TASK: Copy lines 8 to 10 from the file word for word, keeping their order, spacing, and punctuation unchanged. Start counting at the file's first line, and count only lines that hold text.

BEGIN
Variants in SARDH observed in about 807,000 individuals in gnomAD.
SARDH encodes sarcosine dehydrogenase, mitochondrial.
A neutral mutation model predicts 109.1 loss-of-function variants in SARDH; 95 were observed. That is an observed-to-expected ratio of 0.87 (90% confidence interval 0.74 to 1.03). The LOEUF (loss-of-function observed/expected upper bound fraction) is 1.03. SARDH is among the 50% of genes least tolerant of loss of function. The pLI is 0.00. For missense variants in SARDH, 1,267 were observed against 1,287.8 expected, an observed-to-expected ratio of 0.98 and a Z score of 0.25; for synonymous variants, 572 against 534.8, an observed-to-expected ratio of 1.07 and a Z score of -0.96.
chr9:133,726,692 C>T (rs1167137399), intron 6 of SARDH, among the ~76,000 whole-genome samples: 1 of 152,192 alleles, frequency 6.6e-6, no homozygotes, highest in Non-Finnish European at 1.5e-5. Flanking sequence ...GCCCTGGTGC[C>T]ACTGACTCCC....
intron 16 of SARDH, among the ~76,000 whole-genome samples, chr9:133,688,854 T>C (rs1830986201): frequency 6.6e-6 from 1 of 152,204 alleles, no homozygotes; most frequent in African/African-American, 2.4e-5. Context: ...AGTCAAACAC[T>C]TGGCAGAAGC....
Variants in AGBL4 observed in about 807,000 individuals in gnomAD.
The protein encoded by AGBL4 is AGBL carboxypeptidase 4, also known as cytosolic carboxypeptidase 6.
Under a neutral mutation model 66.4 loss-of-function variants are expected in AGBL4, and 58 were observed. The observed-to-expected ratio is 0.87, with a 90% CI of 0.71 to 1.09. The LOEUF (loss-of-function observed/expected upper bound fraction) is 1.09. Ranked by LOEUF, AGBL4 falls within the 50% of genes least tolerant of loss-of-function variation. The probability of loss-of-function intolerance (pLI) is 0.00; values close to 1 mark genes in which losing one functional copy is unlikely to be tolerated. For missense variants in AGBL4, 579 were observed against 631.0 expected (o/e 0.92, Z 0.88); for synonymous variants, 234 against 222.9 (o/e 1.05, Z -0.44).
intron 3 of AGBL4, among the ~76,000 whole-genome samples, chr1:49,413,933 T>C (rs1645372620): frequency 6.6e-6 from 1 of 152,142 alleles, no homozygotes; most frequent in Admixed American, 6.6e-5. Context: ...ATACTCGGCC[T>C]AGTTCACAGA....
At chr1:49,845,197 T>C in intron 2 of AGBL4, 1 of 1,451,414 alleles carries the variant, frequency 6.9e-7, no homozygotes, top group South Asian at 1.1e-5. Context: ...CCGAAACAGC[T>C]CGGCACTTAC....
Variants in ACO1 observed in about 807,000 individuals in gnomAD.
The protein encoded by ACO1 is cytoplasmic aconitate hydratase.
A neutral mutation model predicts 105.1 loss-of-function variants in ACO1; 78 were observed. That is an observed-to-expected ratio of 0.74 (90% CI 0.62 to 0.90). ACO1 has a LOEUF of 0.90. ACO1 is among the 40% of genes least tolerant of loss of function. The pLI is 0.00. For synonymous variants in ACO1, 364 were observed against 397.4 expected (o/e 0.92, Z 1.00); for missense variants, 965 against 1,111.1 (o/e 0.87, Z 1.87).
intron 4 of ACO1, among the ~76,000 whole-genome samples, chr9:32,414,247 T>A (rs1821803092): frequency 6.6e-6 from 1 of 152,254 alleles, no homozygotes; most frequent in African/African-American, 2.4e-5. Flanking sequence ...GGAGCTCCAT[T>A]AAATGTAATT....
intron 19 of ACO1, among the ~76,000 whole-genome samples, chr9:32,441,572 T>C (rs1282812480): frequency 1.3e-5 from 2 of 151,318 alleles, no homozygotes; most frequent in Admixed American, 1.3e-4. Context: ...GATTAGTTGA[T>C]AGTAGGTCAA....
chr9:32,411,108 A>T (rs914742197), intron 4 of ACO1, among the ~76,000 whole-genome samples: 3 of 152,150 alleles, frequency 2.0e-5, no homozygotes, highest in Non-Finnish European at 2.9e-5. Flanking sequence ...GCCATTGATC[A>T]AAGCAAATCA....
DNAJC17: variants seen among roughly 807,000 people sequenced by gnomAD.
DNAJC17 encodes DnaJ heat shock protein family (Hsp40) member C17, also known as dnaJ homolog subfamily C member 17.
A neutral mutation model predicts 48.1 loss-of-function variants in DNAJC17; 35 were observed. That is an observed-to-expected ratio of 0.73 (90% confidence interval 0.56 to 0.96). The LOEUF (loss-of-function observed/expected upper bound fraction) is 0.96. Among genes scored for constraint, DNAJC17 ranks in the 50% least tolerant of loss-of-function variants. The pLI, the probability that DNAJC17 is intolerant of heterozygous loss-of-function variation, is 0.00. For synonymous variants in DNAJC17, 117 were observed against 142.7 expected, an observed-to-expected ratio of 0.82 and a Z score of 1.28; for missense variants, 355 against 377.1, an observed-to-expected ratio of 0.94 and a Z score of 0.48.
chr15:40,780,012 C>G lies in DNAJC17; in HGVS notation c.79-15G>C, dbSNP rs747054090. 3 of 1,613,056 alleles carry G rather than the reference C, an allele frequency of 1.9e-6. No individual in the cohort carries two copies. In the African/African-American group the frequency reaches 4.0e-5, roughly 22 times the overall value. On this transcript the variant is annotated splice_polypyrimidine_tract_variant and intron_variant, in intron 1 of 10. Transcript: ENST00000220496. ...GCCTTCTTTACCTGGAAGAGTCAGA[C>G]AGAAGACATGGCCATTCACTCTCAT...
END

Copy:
Under a neutral mutation model 66.4 loss-of-function variants are expected in AGBL4, and 58 were observed. The observed-to-expected ratio is 0.87, with a 90% CI of 0.71 to 1.09. The LOEUF (loss-of-function observed/expected upper bound fraction) is 1.09. Ranked by LOEUF, AGBL4 falls within the 50% of genes least tolerant of loss-of-function variation. The probability of loss-of-function intolerance (pLI) is 0.00; values close to 1 mark genes in which losing one functional copy is unlikely to be tolerated. For missense variants in AGBL4, 579 were observed against 631.0 expected (o/e 0.92, Z 0.88); for synonymous variants, 234 against 222.9 (o/e 1.05, Z -0.44).
intron 3 of AGBL4, among the ~76,000 whole-genome samples, chr1:49,413,933 T>C (rs1645372620): frequency 6.6e-6 from 1 of 152,142 alleles, no homozygotes; most frequent in Admixed American, 6.6e-5. Context: ...ATACTCGGCC[T>C]AGTTCACAGA....
At chr1:49,845,197 T>C in intron 2 of AGBL4, 1 of 1,451,414 alleles carries the variant, frequency 6.9e-7, no homozygotes, top group South Asian at 1.1e-5. Context: ...CCGAAACAGC[T>C]CGGCACTTAC....